Read history. Backlashes happen. Every time a society moves forward or swings left, you’ll get push back from those whose privilege has been imperiled. If your solution is to tell marginalized people to be quieter, because they might rile up the bigots, you may want to look up the tactical history of the word “appeasement.”
In any case, I will have more to say about Friday, but I’ll probably say as little as I can moving forward about the critiques I’ve referred to, because they’re ridiculous, and I’m actually a little embarrassed for some of these “free speech” crusaders, who don’t seem to know the difference between being outlawed and being unwelcome.
The podium of a filthy rich fascist is a pretty silly place to park your concerns about “free speech,” but in truth, there was no denial of expression here. Your right to free speech, as protected by the first amendment, is not a license to speak without being talked over or told to go away. The first amendment addresses issues of governmental interference, and rightly so. Because while the government has no right to shut down political expression, I have every right to tell a fascist to shut the fuck up. That may hurt his rich, white male feelings, but the absence of accommodation is not a violation of one’s rights.
I understand why some privileged individuals might find that distinction of fact confusing. The world generally allows them to expect the kind of accommodation that others are denied. When you’re used to getting your way, inconvenience can feel like injustice and oppression – and whining and tantrums often follow.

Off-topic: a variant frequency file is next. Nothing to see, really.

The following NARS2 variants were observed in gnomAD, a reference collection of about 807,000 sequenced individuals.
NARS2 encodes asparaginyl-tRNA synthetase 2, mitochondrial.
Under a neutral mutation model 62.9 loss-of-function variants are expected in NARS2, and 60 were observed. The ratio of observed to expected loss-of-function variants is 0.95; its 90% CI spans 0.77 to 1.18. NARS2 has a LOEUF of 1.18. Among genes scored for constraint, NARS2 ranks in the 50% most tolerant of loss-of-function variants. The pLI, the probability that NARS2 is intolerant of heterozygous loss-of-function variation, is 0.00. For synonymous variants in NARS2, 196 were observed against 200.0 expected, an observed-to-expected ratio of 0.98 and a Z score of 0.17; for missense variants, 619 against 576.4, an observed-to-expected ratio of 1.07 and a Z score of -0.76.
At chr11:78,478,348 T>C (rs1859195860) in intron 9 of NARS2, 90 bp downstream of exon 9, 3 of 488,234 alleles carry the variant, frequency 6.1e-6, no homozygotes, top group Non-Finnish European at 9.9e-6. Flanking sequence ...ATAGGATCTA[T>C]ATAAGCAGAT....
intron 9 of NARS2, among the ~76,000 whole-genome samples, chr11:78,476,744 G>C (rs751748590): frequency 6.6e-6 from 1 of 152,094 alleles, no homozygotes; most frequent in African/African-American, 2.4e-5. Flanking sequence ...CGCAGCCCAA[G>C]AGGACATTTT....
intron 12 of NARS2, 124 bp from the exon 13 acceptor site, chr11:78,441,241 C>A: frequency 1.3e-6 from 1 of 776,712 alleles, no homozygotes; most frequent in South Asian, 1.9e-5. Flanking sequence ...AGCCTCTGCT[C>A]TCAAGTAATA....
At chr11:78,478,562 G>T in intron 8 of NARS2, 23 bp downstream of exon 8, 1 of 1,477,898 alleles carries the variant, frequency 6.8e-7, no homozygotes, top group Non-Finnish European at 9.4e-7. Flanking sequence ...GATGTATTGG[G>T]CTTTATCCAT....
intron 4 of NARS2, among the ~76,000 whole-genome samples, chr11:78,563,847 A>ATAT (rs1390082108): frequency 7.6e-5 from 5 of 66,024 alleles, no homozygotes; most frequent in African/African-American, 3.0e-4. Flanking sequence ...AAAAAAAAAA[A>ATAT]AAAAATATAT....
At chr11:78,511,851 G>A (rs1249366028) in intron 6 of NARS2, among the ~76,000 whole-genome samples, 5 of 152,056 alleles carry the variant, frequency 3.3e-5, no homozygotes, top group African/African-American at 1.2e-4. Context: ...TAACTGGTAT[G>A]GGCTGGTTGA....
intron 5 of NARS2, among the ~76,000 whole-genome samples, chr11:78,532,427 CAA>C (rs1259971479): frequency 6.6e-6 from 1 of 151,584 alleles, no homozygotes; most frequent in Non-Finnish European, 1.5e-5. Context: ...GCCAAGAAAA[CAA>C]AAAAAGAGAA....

The truth is, no one prevented Trump from taking the stage Friday night, in a physical or legal sense. He was simply put in a position where, for once, it wouldn’t have been him, hundreds of fans of fascism, and one or two people of color to kick around. Like most bullies, Trump’s bravery didn’t match his bluster. When faced with a loud and lively crowd from a city that wants nothing to do with him, the man simply cowered.
To be clear: a fascist felt too unwelcome to speak in Chicago. That’s not a failure of liberty. That’s a sign that, for all our failings, Chicago still has some greatness to speak of. It means that we, as a city, have a spine that can stiffen in the face of fascism, and really, I hope the whole country figures out how to do the same, because we’re living in frightening times.
But to those who’ve hopped on soapboxes about Trump being “no platformed” and whatever else: stop and take in what’s actually happened. Someone awful, whose rise to power is already a threat to the safety of a great many marginalized people, had a bad night. If you can’t call that a just outcome, then just find a way to move on. Because crying a river and hurling insults over Trump’s failure to appear doesn’t make you righteous. It makes you ridiculous.
So if you want to be taken seriously in this world, stop blaming protesters for the cowardice of a preening egotist. Fascism is owed no welcome mat.